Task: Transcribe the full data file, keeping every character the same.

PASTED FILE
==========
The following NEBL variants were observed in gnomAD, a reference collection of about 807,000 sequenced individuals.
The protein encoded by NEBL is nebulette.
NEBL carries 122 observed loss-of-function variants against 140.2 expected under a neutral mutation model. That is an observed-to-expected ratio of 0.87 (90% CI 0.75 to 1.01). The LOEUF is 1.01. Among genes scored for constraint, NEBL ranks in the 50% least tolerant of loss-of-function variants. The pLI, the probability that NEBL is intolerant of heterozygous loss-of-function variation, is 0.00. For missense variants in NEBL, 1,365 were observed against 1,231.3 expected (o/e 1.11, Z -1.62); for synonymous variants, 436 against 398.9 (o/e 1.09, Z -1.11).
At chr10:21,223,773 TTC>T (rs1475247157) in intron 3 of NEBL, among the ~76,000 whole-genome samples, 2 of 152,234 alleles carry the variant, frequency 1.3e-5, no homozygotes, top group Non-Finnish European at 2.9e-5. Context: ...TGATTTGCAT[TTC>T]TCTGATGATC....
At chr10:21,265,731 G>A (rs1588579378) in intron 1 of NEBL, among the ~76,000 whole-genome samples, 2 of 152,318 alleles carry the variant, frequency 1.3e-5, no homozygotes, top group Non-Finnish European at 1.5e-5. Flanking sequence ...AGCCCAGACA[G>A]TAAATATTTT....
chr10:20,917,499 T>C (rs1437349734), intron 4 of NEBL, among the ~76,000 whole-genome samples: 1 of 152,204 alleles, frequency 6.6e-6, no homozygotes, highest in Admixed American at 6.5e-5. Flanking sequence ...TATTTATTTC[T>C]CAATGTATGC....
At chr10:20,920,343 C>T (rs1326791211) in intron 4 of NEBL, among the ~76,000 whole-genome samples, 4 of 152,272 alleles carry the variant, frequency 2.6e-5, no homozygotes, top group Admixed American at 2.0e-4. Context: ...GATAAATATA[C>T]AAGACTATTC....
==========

The following NEBL variants were observed in gnomAD, a reference collection of about 807,000 sequenced individuals.
The protein encoded by NEBL is nebulette.
NEBL carries 122 observed loss-of-function variants against 140.2 expected under a neutral mutation model. That is an observed-to-expected ratio of 0.87 (90% CI 0.75 to 1.01). The LOEUF is 1.01. Among genes scored for constraint, NEBL ranks in the 50% least tolerant of loss-of-function variants. The pLI, the probability that NEBL is intolerant of heterozygous loss-of-function variation, is 0.00. For missense variants in NEBL, 1,365 were observed against 1,231.3 expected (o/e 1.11, Z -1.62); for synonymous variants, 436 against 398.9 (o/e 1.09, Z -1.11).
At chr10:21,223,773 TTC>T (rs1475247157) in intron 3 of NEBL, among the ~76,000 whole-genome samples, 2 of 152,234 alleles carry the variant, frequency 1.3e-5, no homozygotes, top group Non-Finnish European at 2.9e-5. Context: ...TGATTTGCAT[TTC>T]TCTGATGATC....
At chr10:21,265,731 G>A (rs1588579378) in intron 1 of NEBL, among the ~76,000 whole-genome samples, 2 of 152,318 alleles carry the variant, frequency 1.3e-5, no homozygotes, top group Non-Finnish European at 1.5e-5. Flanking sequence ...AGCCCAGACA[G>A]TAAATATTTT....
chr10:20,917,499 T>C (rs1437349734), intron 4 of NEBL, among the ~76,000 whole-genome samples: 1 of 152,204 alleles, frequency 6.6e-6, no homozygotes, highest in Admixed American at 6.5e-5. Flanking sequence ...TATTTATTTC[T>C]CAATGTATGC....
At chr10:20,920,343 C>T (rs1326791211) in intron 4 of NEBL, among the ~76,000 whole-genome samples, 4 of 152,272 alleles carry the variant, frequency 2.6e-5, no homozygotes, top group Admixed American at 2.0e-4. Context: ...GATAAATATA[C>T]AAGACTATTC....